Post Party Depression

Post Party Depression

After the presidential election, I found it hard to write about politics. I was So. Darn. Mad. When I thought of the two candidates – incumbent Democratic President Barack Obama and Republican nominee Mitt Romney—two things were crystal clear to me:

The GOP image?
First, the president had not solved our economic problems but had probably made them worse.

Second, whatever you thought of Romney personally, however bothered you might be about his career as a businessman and his pragmatist approach as governor of Massachusetts, there could be no question that his expertise and personality were right for the times, and that he was immensely more capable of leading the country out of financial ruin onto a sturdier foundation than the amateur in the White House.

Obviously, my view was not shared by the majority of Americans. In fact, the “whatever you thought of Romney personally” turned out to be a major factor in his defeat.

“Mr. Romney’s personal image took a hard hit during the primary campaign and remained weak on election day,” wrote Andrew Kohut, president of the Pew Research Center, in the Wall Street Journal:

“Just 47% of exit poll respondents viewed him favorably, compared with 53% for Mr. Obama. ..By 53% to 43%, exit-poll respondents said that Mr. Obama was more in touch than Mr. Romney with people like themselves.”

Read the full article. It’s chock full of other depressing tidbits—such as how a majority of respondents believed Romney’s policies would help the rich more than them.

This doesn’t surprise me, and I suspect it won’t surprise many Republicans and/or conservatives. We know that many people believe the Democratic party is the one that cares about the “little guy,” and the Republicans are the ones who favor fat cats and that mustachioed fellow in the Monopoly game. Even intelligent friends and family in my circle, who strive to keep up with the news, fall prey to this thinking.  So they vote more with their gut than their minds, with their hearts rather than their heads.

And, to a certain extent, I don’t blame them. History is hard to shake off. And the Republican party went through a xenophobic, anti-immigrant, anti-Catholic, anti-little guy phase more than a century ago, the foul odors of which still stretch into modern times.

When even the most educated voter can’t get up to speed on all policy points, old-fashioned trust kicks in. Who do you trust to get it right, to protect your interests? For the majority of Americans in this election, it was the Democrats.

But that’s what has me so steamed. I’m tired of being thought of as a member of a party that can’t be trusted to look out for the average citizen. I’m tired of being thought of as a protector of the rich who has little compassion for the needy just because I believe in a sane fiscal policy. Even liberal Slate writer William Saletan gets that there’s no compassion in ignoring the fiscal cliff toward which we’re headed:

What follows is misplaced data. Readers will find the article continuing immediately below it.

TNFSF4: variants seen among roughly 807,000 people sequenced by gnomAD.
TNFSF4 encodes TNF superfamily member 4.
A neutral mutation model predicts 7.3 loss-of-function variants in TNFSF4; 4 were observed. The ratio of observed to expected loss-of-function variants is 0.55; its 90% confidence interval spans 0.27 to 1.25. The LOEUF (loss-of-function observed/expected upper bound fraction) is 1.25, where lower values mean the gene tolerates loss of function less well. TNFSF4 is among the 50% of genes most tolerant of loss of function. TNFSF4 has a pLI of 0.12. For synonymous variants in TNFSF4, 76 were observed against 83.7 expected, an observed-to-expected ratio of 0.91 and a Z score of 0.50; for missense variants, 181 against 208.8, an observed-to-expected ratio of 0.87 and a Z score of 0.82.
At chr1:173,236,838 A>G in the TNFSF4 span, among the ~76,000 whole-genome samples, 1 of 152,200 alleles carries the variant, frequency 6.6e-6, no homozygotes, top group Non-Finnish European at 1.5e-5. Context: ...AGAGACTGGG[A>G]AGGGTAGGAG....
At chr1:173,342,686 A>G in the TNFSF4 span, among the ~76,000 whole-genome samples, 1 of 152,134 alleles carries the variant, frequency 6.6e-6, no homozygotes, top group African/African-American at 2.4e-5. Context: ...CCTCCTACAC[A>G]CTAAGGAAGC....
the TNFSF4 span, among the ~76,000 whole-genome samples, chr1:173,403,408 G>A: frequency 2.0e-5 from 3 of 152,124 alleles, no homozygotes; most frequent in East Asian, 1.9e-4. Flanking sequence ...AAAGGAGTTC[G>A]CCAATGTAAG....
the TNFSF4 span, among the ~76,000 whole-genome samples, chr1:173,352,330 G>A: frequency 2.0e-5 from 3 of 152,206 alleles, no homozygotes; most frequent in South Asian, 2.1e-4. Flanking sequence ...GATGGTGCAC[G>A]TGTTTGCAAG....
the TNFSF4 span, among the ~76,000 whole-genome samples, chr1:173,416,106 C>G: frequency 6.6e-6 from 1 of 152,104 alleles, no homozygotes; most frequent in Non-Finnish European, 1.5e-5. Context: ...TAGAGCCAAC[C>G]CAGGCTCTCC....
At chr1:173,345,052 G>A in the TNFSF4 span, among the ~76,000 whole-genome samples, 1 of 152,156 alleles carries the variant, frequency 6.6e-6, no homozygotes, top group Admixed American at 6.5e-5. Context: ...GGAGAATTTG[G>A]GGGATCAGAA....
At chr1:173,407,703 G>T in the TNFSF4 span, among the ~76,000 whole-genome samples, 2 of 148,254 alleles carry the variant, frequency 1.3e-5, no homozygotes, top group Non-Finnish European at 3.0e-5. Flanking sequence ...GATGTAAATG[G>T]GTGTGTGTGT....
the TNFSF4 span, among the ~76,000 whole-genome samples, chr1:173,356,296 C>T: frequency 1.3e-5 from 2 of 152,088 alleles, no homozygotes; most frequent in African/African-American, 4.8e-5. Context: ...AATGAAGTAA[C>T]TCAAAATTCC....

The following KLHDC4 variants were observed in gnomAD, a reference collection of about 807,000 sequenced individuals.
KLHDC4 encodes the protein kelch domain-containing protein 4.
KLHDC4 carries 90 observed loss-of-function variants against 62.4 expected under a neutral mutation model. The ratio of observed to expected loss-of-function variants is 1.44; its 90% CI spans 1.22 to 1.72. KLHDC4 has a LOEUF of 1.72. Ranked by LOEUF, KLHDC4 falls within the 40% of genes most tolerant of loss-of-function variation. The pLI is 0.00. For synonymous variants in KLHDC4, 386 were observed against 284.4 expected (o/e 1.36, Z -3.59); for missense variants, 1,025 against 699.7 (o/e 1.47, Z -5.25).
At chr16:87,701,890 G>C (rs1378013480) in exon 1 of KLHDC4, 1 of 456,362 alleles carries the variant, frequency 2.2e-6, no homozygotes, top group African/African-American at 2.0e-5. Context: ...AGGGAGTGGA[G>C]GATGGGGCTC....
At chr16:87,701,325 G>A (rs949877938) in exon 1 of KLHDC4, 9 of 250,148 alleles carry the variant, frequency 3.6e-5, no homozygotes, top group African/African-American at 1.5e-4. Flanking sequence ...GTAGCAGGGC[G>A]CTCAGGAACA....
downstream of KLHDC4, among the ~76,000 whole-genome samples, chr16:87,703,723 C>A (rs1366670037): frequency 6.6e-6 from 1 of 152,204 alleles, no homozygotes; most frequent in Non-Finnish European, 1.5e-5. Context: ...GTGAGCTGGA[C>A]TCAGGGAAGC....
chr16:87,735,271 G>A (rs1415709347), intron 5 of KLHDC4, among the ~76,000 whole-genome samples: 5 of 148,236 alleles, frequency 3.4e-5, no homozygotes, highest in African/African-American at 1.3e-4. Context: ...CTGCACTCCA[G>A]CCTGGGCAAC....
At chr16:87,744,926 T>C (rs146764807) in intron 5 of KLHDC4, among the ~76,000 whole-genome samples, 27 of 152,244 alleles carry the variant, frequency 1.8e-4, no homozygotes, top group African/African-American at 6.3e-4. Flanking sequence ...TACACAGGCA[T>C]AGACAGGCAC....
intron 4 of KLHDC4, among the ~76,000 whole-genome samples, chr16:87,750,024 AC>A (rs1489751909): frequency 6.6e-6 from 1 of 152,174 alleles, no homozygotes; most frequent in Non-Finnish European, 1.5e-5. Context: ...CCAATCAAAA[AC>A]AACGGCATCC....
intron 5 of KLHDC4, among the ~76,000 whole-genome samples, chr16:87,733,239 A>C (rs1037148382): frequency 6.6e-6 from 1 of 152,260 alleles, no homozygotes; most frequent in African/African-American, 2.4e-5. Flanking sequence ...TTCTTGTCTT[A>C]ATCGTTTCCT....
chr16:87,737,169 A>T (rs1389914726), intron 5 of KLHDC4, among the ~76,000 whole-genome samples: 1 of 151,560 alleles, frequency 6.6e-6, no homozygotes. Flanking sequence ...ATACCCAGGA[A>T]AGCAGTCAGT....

“(Paul) Ryan understands that the longer we ignore the debt crisis and postpone serious budget cuts—the liberal equivalent of denying global warming—the more painful the reckoning will be. There’s nothing compassionate about that kind of irresponsibility.”

After the election, I felt like screaming at Obama supporters: “You think it’s compassionate to hold a gun to your neighbors’ heads, forcing them to give money to the causes you like so you can feel good about yourself? That’s not compassion! It’s egotism! It’s prideful!”

Can we please, please, please drop this silly, stupid pretense that calling for higher taxes is somehow an act of kindness, compassion, generosity, or any other altruistic feeling? If you feel so strongly about helping the needy, do what many folks in the “red states” do – give more to charity.

If we get rid of this “who cares more” argument, then maybe we can talk about who has the best plan for financial stability, what government programs work the best and which ones don’t work well at all.

It will take a heap of changed messaging to get past this “who cares more” hurdle, but I’m an optimist at heart and believe Republicans can do it, even in the face of a phenomenally biased media.

In the coming months, I’ll be writing more about the GOP “brand” problem and how to fix it. On social issues, immigration, tax policy and more, Republicans are looked as the Abominable No-Men, shaking their fingers at women, gays, Latinos, and the poor. This is a false image and has to be changed. Otherwise, voters—even those who try to stay on top of the issues of the day—will continue to think the Democrats at least care more and understand them.

Libby Sternberg is a novelist.


Libby Sternberg

Libby Sternberg

Libby Sternberg is an Edgar-nominated novelist whose works include humorous women’s fiction, young adult fiction, and historical fiction. Her political writings have appeared at Hot Air, the Weekly Standard, Insight, the Wall Street Journal, and Christian Science Monitor.

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